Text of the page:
Even though the Cava Tzu requires little activity, it is still imperative. With a propensity for obesity, make sure to get them out on a brief walk every day. Since they have a positive reaction to training, getting this pup out and about for activity is relatively easy.
These puppies are incredibly sweet and affectionate, much like their adult counterparts. Though they require less food, they still need the same attention for grooming, exercising, and socialization.
Cava Tzu And Children
Though most small dog breeds tend to get nippy with little ones in the house, that is not the case here. Instead, the Cava Tzu adores family members of all ages, and they barely even bark! With the proper training, they are at peace completely, but little ones should still have supervision while learning the appropriate ways to act around family pets.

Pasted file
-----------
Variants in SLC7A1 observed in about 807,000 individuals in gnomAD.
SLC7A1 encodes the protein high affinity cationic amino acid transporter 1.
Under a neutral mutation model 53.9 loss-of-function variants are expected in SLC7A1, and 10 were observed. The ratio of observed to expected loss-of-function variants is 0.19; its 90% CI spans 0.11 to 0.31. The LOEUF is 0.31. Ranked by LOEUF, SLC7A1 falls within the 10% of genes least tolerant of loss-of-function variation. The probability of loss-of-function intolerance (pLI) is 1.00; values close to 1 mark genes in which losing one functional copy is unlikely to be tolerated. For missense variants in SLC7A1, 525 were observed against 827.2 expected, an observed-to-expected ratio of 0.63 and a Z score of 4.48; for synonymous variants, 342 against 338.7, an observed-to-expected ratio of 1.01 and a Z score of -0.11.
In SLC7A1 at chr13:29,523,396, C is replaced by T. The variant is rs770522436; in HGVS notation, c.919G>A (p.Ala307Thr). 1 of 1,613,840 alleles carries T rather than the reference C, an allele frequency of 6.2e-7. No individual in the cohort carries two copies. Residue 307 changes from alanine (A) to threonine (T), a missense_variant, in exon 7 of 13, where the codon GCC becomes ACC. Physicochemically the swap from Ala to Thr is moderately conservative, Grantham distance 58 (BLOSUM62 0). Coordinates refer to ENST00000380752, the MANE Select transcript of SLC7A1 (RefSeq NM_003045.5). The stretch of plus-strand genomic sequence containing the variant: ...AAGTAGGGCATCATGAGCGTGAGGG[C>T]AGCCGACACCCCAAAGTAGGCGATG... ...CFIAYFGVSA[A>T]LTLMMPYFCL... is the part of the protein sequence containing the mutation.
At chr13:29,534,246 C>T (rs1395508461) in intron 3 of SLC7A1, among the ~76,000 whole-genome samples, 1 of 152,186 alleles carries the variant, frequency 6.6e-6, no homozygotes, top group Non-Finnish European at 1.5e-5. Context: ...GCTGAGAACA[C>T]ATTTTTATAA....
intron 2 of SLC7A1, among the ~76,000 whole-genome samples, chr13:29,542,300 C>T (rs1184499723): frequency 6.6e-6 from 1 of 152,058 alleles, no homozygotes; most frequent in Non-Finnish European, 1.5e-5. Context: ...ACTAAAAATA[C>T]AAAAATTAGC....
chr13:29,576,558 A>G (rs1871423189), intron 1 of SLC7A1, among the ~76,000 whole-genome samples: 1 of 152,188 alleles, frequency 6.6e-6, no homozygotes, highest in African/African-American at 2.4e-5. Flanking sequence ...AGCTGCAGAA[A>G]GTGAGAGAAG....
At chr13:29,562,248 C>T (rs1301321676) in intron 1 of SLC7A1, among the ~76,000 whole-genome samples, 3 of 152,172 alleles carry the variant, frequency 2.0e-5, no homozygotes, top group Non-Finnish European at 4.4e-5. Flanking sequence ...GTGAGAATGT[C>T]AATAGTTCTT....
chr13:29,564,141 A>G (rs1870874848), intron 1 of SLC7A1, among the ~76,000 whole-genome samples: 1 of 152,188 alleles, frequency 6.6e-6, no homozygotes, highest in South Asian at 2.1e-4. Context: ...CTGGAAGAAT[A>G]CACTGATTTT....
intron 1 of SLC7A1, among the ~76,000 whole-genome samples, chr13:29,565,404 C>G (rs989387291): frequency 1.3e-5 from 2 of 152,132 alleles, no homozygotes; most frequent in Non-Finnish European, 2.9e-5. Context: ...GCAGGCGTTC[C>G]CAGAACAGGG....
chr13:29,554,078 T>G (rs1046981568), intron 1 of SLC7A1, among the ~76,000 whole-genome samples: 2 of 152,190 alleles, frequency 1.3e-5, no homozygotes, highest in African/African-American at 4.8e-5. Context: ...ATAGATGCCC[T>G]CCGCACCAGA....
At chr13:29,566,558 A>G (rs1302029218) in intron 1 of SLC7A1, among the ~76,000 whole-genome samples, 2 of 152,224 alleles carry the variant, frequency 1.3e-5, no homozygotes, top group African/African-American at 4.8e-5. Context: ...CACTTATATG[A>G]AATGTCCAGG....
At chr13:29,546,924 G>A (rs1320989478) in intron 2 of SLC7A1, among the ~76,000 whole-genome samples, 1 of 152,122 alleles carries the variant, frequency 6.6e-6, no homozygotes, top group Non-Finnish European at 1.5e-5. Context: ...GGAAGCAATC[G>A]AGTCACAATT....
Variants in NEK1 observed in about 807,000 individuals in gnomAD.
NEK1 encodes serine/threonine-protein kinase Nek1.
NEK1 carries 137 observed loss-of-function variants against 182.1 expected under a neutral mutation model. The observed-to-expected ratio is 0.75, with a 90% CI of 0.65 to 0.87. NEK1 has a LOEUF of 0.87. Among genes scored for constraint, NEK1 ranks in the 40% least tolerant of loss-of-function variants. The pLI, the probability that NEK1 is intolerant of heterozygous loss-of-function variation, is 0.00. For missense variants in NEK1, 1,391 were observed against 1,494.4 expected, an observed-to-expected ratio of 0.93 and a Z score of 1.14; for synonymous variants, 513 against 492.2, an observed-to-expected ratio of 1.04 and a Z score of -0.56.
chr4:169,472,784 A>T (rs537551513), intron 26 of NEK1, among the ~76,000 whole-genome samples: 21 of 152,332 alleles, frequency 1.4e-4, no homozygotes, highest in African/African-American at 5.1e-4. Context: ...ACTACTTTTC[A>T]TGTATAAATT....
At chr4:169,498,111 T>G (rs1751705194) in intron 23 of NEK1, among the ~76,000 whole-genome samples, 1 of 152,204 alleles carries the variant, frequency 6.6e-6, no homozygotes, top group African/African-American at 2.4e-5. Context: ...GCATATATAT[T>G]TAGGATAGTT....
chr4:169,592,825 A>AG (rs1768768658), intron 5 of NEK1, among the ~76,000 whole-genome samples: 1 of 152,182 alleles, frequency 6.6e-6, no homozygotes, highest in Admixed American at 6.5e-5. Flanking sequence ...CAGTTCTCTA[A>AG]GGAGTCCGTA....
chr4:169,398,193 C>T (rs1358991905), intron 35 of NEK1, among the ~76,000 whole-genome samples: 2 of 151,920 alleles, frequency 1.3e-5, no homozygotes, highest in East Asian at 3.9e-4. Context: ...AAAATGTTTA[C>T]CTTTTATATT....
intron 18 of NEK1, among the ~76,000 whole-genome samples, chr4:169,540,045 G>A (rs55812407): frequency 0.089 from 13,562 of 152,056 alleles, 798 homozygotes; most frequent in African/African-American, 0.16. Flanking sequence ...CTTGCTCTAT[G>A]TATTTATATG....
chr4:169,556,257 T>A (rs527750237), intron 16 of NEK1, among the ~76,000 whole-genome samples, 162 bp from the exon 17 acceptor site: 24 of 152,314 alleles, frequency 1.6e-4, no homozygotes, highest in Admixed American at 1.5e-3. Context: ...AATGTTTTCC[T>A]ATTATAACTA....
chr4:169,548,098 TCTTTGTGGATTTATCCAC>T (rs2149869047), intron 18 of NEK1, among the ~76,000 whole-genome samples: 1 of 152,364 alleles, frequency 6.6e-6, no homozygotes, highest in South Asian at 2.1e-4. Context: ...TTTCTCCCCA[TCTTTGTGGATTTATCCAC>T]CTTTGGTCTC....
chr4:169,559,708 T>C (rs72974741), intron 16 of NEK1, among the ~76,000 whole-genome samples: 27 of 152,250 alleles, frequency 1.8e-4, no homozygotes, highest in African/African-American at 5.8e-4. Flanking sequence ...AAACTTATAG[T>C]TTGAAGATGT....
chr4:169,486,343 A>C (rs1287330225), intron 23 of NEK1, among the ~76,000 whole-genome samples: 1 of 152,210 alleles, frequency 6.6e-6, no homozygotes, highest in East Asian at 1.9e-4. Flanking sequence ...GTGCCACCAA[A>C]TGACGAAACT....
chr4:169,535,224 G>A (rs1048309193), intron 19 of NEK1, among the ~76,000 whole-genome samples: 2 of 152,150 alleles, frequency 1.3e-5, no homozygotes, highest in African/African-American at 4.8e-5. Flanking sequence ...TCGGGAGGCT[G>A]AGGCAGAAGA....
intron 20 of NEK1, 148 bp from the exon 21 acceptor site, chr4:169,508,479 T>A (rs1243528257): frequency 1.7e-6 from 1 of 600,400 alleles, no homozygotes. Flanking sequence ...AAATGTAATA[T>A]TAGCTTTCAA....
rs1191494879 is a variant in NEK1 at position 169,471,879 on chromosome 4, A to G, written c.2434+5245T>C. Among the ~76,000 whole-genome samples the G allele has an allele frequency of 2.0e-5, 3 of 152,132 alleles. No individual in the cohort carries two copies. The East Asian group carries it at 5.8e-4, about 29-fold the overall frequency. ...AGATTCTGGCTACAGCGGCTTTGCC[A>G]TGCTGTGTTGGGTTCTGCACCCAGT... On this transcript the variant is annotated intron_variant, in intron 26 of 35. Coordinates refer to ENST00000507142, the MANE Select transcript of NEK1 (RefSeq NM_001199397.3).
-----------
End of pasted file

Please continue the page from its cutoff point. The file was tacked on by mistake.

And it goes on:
Dogs similar to Cava Tzu
Other dog breeds similar to the Cava Tzu include the Shih-Tzu, the Cavalier King Charles Spaniel, and the Lhasa Apso.
- Shih-Tzu. Often the dominant breed of the Cava Tzu, the Shih Tzu’s name means “little lion,” coming from Tibet where royals kept them close.
- Cavalier King Charles Spaniel. This breed stands proudly at 13 inches tall (maximum) and originally became popular due to English and Scottish nobility in the 14th century.
- Lhasa Apso. This breed is a significant part of Tibetan culture, given as a sign of friendship (rather than being sold through a breeder).
Popular Names for Cava Tzu
Some of the popular names you may consider for your Cava Tzu dog breed include:
Cava Tzu FAQs (Frequently Asked Questions)
What is a Cava Tzu dog?